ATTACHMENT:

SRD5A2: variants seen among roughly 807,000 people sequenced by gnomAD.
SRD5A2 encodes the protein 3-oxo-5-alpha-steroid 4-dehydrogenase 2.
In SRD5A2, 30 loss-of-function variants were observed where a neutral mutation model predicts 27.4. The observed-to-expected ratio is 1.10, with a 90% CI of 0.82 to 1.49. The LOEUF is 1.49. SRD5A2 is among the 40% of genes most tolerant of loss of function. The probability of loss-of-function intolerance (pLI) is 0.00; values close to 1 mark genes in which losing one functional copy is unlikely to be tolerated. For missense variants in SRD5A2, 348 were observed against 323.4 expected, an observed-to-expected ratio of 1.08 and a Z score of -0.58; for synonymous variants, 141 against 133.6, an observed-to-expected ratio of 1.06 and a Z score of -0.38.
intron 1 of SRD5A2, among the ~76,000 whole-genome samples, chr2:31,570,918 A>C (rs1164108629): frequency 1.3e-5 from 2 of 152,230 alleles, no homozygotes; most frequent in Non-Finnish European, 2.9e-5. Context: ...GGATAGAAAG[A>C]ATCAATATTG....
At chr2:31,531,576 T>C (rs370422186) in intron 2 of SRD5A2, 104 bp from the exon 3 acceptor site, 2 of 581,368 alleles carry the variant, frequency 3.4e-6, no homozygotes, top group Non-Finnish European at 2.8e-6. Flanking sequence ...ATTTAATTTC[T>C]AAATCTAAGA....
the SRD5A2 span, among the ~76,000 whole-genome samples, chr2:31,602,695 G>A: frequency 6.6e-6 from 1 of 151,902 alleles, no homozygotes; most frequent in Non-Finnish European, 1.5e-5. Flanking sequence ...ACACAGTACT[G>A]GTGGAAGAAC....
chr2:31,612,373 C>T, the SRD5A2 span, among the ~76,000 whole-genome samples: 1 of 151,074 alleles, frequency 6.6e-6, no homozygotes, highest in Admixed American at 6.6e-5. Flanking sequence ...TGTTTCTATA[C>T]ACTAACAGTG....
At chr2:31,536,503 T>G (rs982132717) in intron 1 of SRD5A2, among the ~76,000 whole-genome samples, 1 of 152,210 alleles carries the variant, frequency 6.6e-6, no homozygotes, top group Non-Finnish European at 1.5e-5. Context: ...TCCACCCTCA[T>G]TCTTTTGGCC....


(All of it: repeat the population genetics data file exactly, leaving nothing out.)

SRD5A2: variants seen among roughly 807,000 people sequenced by gnomAD.
SRD5A2 encodes the protein 3-oxo-5-alpha-steroid 4-dehydrogenase 2.
In SRD5A2, 30 loss-of-function variants were observed where a neutral mutation model predicts 27.4. The observed-to-expected ratio is 1.10, with a 90% CI of 0.82 to 1.49. The LOEUF is 1.49. SRD5A2 is among the 40% of genes most tolerant of loss of function. The probability of loss-of-function intolerance (pLI) is 0.00; values close to 1 mark genes in which losing one functional copy is unlikely to be tolerated. For missense variants in SRD5A2, 348 were observed against 323.4 expected, an observed-to-expected ratio of 1.08 and a Z score of -0.58; for synonymous variants, 141 against 133.6, an observed-to-expected ratio of 1.06 and a Z score of -0.38.
intron 1 of SRD5A2, among the ~76,000 whole-genome samples, chr2:31,570,918 A>C (rs1164108629): frequency 1.3e-5 from 2 of 152,230 alleles, no homozygotes; most frequent in Non-Finnish European, 2.9e-5. Context: ...GGATAGAAAG[A>C]ATCAATATTG....
At chr2:31,531,576 T>C (rs370422186) in intron 2 of SRD5A2, 104 bp from the exon 3 acceptor site, 2 of 581,368 alleles carry the variant, frequency 3.4e-6, no homozygotes, top group Non-Finnish European at 2.8e-6. Flanking sequence ...ATTTAATTTC[T>C]AAATCTAAGA....
the SRD5A2 span, among the ~76,000 whole-genome samples, chr2:31,602,695 G>A: frequency 6.6e-6 from 1 of 151,902 alleles, no homozygotes; most frequent in Non-Finnish European, 1.5e-5. Flanking sequence ...ACACAGTACT[G>A]GTGGAAGAAC....
chr2:31,612,373 C>T, the SRD5A2 span, among the ~76,000 whole-genome samples: 1 of 151,074 alleles, frequency 6.6e-6, no homozygotes, highest in Admixed American at 6.6e-5. Flanking sequence ...TGTTTCTATA[C>T]ACTAACAGTG....
At chr2:31,536,503 T>G (rs982132717) in intron 1 of SRD5A2, among the ~76,000 whole-genome samples, 1 of 152,210 alleles carries the variant, frequency 6.6e-6, no homozygotes, top group Non-Finnish European at 1.5e-5. Context: ...TCCACCCTCA[T>G]TCTTTTGGCC....